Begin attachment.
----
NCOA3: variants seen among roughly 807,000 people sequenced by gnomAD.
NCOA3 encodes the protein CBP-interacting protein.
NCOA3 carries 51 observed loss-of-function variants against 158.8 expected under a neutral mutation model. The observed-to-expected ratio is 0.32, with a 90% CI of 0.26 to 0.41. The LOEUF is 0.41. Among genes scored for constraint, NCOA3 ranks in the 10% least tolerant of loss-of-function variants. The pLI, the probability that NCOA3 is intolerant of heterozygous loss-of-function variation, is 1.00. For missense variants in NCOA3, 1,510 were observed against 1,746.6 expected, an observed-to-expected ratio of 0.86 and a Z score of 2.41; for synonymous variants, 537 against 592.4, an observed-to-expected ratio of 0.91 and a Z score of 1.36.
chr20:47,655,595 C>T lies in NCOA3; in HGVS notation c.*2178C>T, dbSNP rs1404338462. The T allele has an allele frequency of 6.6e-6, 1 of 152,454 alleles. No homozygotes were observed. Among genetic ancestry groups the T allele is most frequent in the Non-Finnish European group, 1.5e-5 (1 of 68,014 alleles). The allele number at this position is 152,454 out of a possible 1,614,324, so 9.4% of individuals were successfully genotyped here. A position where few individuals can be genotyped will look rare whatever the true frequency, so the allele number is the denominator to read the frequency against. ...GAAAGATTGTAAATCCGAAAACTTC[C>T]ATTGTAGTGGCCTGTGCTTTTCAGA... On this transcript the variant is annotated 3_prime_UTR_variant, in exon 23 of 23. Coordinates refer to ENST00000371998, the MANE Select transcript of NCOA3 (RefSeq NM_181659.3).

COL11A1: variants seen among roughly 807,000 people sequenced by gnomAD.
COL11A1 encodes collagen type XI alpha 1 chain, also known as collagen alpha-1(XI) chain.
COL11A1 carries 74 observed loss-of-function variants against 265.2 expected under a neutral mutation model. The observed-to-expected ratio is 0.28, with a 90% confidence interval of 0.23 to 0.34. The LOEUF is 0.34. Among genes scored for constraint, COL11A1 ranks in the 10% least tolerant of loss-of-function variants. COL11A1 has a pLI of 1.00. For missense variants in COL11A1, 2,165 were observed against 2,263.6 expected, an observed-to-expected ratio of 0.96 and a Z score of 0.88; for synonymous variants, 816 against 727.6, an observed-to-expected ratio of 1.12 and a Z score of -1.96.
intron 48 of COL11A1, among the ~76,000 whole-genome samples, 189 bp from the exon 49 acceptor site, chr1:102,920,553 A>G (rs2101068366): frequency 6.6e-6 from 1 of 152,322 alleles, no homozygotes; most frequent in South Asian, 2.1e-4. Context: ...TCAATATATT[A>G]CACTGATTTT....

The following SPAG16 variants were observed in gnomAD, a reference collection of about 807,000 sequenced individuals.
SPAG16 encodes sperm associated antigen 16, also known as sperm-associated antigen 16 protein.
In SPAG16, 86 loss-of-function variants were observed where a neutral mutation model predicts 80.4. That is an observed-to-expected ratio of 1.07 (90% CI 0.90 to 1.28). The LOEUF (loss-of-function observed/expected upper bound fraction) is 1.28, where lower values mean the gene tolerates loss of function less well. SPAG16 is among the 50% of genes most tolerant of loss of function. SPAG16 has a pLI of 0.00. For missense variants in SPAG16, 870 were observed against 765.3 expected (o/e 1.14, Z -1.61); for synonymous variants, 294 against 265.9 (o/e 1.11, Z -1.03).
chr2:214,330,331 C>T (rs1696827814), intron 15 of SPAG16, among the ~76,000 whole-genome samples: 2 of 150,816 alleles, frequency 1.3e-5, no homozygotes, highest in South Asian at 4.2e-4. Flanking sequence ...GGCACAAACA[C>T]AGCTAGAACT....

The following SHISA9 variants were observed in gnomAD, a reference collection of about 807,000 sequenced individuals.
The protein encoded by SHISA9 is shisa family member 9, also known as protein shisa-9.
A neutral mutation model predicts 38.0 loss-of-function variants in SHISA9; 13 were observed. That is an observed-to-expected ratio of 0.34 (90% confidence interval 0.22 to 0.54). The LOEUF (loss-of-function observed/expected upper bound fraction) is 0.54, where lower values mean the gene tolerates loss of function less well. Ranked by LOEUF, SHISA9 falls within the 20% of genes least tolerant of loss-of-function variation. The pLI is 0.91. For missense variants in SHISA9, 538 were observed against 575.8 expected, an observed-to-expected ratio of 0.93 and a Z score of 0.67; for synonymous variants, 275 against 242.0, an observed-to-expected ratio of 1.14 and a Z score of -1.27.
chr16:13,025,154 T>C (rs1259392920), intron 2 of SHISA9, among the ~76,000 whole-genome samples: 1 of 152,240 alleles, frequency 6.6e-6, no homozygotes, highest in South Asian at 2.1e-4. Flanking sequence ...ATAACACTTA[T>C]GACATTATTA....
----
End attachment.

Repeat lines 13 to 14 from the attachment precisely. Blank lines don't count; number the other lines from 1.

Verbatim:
The following SHISA9 variants were observed in gnomAD, a reference collection of about 807,000 sequenced individuals.
The protein encoded by SHISA9 is shisa family member 9, also known as protein shisa-9.